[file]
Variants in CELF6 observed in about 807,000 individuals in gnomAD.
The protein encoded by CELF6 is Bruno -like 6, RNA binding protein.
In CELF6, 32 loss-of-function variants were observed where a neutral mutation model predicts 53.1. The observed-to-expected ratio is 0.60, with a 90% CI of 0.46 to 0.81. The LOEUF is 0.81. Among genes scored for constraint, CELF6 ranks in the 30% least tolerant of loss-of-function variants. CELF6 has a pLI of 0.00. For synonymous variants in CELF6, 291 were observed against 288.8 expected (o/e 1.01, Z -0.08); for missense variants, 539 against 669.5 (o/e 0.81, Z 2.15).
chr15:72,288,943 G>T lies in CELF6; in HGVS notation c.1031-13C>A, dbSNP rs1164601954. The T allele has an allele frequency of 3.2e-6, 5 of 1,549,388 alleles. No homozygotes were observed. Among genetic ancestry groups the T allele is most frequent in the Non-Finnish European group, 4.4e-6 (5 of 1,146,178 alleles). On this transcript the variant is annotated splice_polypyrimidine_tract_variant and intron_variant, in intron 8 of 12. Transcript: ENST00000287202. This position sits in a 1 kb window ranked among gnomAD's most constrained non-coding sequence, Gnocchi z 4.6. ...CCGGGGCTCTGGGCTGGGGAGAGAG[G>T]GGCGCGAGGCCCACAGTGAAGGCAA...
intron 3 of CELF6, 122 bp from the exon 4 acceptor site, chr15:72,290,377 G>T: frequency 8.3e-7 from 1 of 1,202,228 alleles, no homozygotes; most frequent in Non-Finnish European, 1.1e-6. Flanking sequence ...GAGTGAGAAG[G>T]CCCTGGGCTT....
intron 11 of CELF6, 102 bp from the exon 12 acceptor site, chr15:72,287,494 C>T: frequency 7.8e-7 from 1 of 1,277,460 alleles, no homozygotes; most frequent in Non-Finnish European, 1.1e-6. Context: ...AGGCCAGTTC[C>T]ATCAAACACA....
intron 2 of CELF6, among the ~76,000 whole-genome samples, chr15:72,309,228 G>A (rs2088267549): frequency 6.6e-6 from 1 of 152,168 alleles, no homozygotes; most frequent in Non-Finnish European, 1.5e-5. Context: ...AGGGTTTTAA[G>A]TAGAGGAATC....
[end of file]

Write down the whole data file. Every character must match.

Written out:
Variants in CELF6 observed in about 807,000 individuals in gnomAD.
The protein encoded by CELF6 is Bruno -like 6, RNA binding protein.
In CELF6, 32 loss-of-function variants were observed where a neutral mutation model predicts 53.1. The observed-to-expected ratio is 0.60, with a 90% CI of 0.46 to 0.81. The LOEUF is 0.81. Among genes scored for constraint, CELF6 ranks in the 30% least tolerant of loss-of-function variants. CELF6 has a pLI of 0.00. For synonymous variants in CELF6, 291 were observed against 288.8 expected (o/e 1.01, Z -0.08); for missense variants, 539 against 669.5 (o/e 0.81, Z 2.15).
chr15:72,288,943 G>T lies in CELF6; in HGVS notation c.1031-13C>A, dbSNP rs1164601954. The T allele has an allele frequency of 3.2e-6, 5 of 1,549,388 alleles. No homozygotes were observed. Among genetic ancestry groups the T allele is most frequent in the Non-Finnish European group, 4.4e-6 (5 of 1,146,178 alleles). On this transcript the variant is annotated splice_polypyrimidine_tract_variant and intron_variant, in intron 8 of 12. Transcript: ENST00000287202. This position sits in a 1 kb window ranked among gnomAD's most constrained non-coding sequence, Gnocchi z 4.6. ...CCGGGGCTCTGGGCTGGGGAGAGAG[G>T]GGCGCGAGGCCCACAGTGAAGGCAA...
intron 3 of CELF6, 122 bp from the exon 4 acceptor site, chr15:72,290,377 G>T: frequency 8.3e-7 from 1 of 1,202,228 alleles, no homozygotes; most frequent in Non-Finnish European, 1.1e-6. Flanking sequence ...GAGTGAGAAG[G>T]CCCTGGGCTT....
intron 11 of CELF6, 102 bp from the exon 12 acceptor site, chr15:72,287,494 C>T: frequency 7.8e-7 from 1 of 1,277,460 alleles, no homozygotes; most frequent in Non-Finnish European, 1.1e-6. Context: ...AGGCCAGTTC[C>T]ATCAAACACA....
intron 2 of CELF6, among the ~76,000 whole-genome samples, chr15:72,309,228 G>A (rs2088267549): frequency 6.6e-6 from 1 of 152,168 alleles, no homozygotes; most frequent in Non-Finnish European, 1.5e-5. Context: ...AGGGTTTTAA[G>A]TAGAGGAATC....